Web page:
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Soluble CD137 and risk of hepatocellular carcinoma: nested case–control studies in cohorts in Shanghai and Singapore



The majority of hepatocellular carcinoma (HCC) cases occur in the presence of cirrhosis. Biomarkers of cirrhosis-associated immune dysfunction such as CD8+ T cell cytokines could aid HCC risk assessment.


CD8+ T cell cytokines were determined in pre-diagnostic serum in two studies including 315 HCC case–control pairs in the Shanghai Cohort Study (SCS) and 197 pairs in the Singapore Chinese Health Study (SCHS). Conditional logistic regression was used to estimate odds ratio (OR) and 95% confidence interval (CI) for HCC with levels of five cytokines—soluble CD137 (sCD137), soluble Fas (sFas), perforin, macrophage inflammatory protein 1-beta (MIP-1β), and tumour necrosis factor alpha (TNF-α).


sCD137 levels were significantly higher in HCC cases than controls in both cohorts (Ps < 0.001). Compared with the lowest quartile, multivariable-adjusted ORs (95% CI) of HCC for the highest sCD137 quartile were 3.79 (1.73, 8.30) in the SCS and 3.49 (1.44, 8.48) in the SCHS. The sCD137-HCC association was independent of hepatitis B seropositivity and follow-up time. No other cytokine was consistently associated with HCC risk.


sCD137 was associated with higher risk of HCC in two studies nested in general population cohorts. sCD137 may be a long-term risk marker of HCC development.

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Fig. 1: Distributions of serum cytokines within hepatocellular carcinoma cases and matched controls in The Shanghai Cohort Study (SCS) and The Singapore Chinese Health Study (SCHS).

Data availability

The data that support the findings of this study are available from the corresponding author upon reasonable request.

Code availability

The computer code that support the findings of this study is available from the corresponding author upon reasonable request.


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We thank the Singapore Cancer Registry for the identification of incident cancer cases among participants of the Singapore Chinese Health Study and Siew-Hong Low of the National University of Singapore for supervising the fieldwork of the Singapore Chinese Health Study. We also thank Ms. Xue-Li Wang of the Shanghai Cancer Institute for supervising the field work of the Shanghai Cohort Study and the Shanghai Cancer Registry for assistance with identification of cancer outcomes in the Shanghai Cohort Study. This project used the UPMC Hillman Cancer Center Cancer Biomarkers Facility: Luminex Core Laboratory.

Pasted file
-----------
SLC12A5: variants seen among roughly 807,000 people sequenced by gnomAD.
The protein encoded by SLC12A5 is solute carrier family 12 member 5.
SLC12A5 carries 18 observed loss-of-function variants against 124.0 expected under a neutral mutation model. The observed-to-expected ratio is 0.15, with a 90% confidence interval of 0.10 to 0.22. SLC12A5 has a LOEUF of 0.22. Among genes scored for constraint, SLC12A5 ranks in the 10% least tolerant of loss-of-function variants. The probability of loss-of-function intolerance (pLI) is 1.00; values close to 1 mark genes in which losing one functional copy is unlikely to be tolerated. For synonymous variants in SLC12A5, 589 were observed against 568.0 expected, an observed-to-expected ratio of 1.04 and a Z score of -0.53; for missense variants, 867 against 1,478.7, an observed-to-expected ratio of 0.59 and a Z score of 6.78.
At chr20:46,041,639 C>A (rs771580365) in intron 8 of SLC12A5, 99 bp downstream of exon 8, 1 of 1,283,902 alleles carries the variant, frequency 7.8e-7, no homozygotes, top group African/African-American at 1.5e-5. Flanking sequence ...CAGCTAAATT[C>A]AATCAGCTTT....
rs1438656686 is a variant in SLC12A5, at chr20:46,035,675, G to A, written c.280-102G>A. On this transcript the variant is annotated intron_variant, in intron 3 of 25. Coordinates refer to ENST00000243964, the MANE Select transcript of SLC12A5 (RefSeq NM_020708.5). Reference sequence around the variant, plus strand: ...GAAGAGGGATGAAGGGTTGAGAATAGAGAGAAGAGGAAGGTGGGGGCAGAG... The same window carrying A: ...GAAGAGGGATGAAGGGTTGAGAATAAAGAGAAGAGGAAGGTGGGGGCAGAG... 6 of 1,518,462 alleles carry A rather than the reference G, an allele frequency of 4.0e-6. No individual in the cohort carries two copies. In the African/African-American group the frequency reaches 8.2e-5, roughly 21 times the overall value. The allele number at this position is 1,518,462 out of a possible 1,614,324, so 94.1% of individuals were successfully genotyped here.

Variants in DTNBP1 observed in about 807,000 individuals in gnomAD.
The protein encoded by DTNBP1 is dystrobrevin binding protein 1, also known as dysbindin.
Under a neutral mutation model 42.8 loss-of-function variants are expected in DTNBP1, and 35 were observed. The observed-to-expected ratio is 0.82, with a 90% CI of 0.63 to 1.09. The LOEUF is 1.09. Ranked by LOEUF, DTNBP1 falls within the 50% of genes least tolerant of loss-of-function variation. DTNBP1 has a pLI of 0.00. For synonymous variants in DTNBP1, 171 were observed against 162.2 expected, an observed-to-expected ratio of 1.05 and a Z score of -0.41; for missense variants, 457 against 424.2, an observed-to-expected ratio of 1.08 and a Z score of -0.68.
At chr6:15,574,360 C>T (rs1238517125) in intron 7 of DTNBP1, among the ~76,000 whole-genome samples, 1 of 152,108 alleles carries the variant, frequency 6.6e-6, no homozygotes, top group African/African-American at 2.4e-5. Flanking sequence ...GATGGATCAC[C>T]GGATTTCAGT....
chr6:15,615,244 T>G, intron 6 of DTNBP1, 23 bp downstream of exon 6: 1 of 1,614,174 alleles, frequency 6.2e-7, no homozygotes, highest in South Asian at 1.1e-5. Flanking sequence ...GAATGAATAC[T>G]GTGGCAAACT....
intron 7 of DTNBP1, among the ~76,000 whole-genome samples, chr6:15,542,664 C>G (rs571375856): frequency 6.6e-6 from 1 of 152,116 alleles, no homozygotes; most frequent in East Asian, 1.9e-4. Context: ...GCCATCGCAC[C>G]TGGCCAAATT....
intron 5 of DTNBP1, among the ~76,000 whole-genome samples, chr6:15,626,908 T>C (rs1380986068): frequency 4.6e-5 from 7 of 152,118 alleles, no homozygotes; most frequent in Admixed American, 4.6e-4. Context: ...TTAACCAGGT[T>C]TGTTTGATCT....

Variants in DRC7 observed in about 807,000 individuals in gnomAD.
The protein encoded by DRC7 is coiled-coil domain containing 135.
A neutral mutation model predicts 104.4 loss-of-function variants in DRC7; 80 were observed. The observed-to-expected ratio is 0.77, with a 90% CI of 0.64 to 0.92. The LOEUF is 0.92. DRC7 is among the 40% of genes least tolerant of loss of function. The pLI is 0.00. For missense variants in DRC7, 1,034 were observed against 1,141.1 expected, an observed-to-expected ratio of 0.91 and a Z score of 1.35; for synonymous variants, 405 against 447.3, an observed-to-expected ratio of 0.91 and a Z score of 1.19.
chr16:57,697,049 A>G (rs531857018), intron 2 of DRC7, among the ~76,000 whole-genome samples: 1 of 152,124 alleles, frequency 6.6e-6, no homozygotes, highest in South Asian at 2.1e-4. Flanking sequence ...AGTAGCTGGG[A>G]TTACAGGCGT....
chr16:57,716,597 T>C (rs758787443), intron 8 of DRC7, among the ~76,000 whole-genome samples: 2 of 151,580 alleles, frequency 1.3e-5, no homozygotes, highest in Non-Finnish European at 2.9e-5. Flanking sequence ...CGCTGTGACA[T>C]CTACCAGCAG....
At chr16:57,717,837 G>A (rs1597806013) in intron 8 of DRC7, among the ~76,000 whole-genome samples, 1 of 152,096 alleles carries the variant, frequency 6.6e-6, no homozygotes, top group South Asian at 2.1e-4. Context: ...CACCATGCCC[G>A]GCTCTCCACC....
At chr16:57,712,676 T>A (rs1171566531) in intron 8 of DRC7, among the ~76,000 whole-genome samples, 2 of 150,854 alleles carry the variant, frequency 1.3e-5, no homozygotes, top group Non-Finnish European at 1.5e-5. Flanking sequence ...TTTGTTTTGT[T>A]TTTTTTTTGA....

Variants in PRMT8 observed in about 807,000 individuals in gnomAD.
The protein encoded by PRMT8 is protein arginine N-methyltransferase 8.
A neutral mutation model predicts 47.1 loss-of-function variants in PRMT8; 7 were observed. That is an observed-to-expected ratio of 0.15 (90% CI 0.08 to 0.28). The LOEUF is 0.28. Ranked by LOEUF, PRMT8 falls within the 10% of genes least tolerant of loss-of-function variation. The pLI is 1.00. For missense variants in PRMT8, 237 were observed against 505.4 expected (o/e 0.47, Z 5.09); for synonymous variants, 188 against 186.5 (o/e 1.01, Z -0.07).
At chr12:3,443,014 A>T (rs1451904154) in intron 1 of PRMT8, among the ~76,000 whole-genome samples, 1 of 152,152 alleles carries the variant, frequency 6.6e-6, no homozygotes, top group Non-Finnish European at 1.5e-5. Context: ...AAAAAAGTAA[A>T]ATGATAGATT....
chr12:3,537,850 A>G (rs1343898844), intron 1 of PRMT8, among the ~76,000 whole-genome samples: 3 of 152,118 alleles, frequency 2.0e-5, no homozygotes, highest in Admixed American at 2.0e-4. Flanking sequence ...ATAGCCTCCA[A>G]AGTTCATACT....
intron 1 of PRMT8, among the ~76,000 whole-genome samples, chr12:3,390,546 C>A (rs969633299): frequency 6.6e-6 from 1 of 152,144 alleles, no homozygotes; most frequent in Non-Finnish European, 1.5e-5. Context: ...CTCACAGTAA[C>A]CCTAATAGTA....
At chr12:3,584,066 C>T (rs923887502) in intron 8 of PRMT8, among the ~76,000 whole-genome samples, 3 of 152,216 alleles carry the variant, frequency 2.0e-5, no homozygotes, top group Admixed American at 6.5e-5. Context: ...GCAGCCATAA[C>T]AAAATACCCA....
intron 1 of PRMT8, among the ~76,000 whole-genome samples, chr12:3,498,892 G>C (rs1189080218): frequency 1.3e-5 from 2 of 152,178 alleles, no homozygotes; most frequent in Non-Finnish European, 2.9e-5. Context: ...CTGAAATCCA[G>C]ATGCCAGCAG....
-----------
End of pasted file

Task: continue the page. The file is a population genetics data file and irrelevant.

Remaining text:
The Shanghai Cohort Study was supported by the National Institutes of Health (NIH) of the United States (grants # R01CA043092, R01CA144034, and UM1CA182876), and the Singapore Chinese Health Study was supported by NIH (grants # R01CA080205, R01CA144034, and UM1CA182876). The current work was also partially supported by the NIH grants # R01CA255809 and P30CA047904. CET is supported through a NIH training grant (grant # T32 CA186873). The content is solely the responsibility of the authors and does not necessarily represent the official views of NIH.

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Authors and Affiliations



The work reported in the paper has been performed by the authors, unless clearly specified in the text. CET: conceptualisation, formal analysis, visualisation, writing of the original draft of the manuscript, writing—reviewing and editing. JJA, ALK, BD: conceptualisation, methodology, writing—reviewing and editing. HNL: conceptualisation, writing—reviewing and editing. AJ: formal analysis. W-PK, Y-TG: data curation, resources, writing—reviewing and editing. JA-H: data curation, project administration. RW: formal analysis. AL: data curation, writing—reviewing and editing. JB: investigation, writing—reviewing and editing. J-MY: conceptualisation, data curation, resources, formal analysis, funding acquisition, supervision, writing—reviewing and editing.

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Correspondence to Jian-Min Yuan.

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The authors declare no competing interests.

Ethics approval and consent to participate

The Shanghai Cohort Study has been approved by the Institutional Review Boards of the Shanghai Cancer Institute and the University of Pittsburgh. The Singapore Chinese Health Study has been approved by the Institutional Review Boards of the National University of Singapore and the University of Pittsburgh. Informed consent was obtained from all participants. The present study has been approved by the University of Pittsburgh Human Research Protection Office and was conducted in accordance with the Declaration of Helsinki.

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Thomas, C.E., Adibi, J.J., Kuipers, A.L. et al. Soluble CD137 and risk of hepatocellular carcinoma: nested case–control studies in cohorts in Shanghai and Singapore. Br J Cancer 128, 2081–2088 (2023).

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